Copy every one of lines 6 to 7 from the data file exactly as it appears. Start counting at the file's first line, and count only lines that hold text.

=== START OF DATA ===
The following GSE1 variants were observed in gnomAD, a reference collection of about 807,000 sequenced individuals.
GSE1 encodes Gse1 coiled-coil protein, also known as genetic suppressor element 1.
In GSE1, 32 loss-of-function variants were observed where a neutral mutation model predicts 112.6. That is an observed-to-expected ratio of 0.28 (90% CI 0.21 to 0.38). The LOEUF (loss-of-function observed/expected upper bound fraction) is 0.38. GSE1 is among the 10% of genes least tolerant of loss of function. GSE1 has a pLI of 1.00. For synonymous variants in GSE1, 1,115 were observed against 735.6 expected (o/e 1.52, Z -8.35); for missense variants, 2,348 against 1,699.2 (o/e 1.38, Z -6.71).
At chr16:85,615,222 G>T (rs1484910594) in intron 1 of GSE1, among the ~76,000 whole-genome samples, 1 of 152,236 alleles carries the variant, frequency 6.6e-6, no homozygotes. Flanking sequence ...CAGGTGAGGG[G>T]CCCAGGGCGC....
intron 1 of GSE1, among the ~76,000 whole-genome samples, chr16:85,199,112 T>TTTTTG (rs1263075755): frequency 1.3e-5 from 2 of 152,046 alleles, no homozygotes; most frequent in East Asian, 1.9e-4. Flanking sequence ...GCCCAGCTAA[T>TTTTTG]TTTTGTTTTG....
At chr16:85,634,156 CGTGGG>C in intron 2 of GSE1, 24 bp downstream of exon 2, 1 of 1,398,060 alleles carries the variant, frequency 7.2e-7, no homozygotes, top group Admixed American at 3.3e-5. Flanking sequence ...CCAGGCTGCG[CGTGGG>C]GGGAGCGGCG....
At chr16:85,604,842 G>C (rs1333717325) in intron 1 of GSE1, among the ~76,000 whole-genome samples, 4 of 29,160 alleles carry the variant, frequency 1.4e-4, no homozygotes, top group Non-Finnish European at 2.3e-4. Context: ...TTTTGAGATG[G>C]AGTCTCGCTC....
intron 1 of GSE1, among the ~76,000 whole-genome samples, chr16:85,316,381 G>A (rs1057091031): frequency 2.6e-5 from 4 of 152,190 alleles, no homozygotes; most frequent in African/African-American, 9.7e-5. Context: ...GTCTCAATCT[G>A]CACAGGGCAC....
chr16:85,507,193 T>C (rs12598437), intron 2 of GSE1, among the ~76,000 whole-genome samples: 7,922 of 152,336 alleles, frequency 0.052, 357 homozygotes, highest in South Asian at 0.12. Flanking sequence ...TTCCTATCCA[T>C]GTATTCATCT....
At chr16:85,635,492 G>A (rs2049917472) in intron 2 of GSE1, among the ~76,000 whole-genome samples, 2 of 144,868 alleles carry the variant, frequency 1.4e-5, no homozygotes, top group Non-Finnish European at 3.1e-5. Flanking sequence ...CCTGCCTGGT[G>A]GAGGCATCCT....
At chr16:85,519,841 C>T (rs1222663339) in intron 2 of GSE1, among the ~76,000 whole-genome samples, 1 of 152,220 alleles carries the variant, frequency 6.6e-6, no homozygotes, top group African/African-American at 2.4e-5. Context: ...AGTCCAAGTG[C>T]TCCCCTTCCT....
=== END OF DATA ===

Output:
At chr16:85,634,156 CGTGGG>C in intron 2 of GSE1, 24 bp downstream of exon 2, 1 of 1,398,060 alleles carries the variant, frequency 7.2e-7, no homozygotes, top group Admixed American at 3.3e-5. Flanking sequence ...CCAGGCTGCG[CGTGGG>C]GGGAGCGGCG....
At chr16:85,604,842 G>C (rs1333717325) in intron 1 of GSE1, among the ~76,000 whole-genome samples, 4 of 29,160 alleles carry the variant, frequency 1.4e-4, no homozygotes, top group Non-Finnish European at 2.3e-4. Context: ...TTTTGAGATG[G>C]AGTCTCGCTC....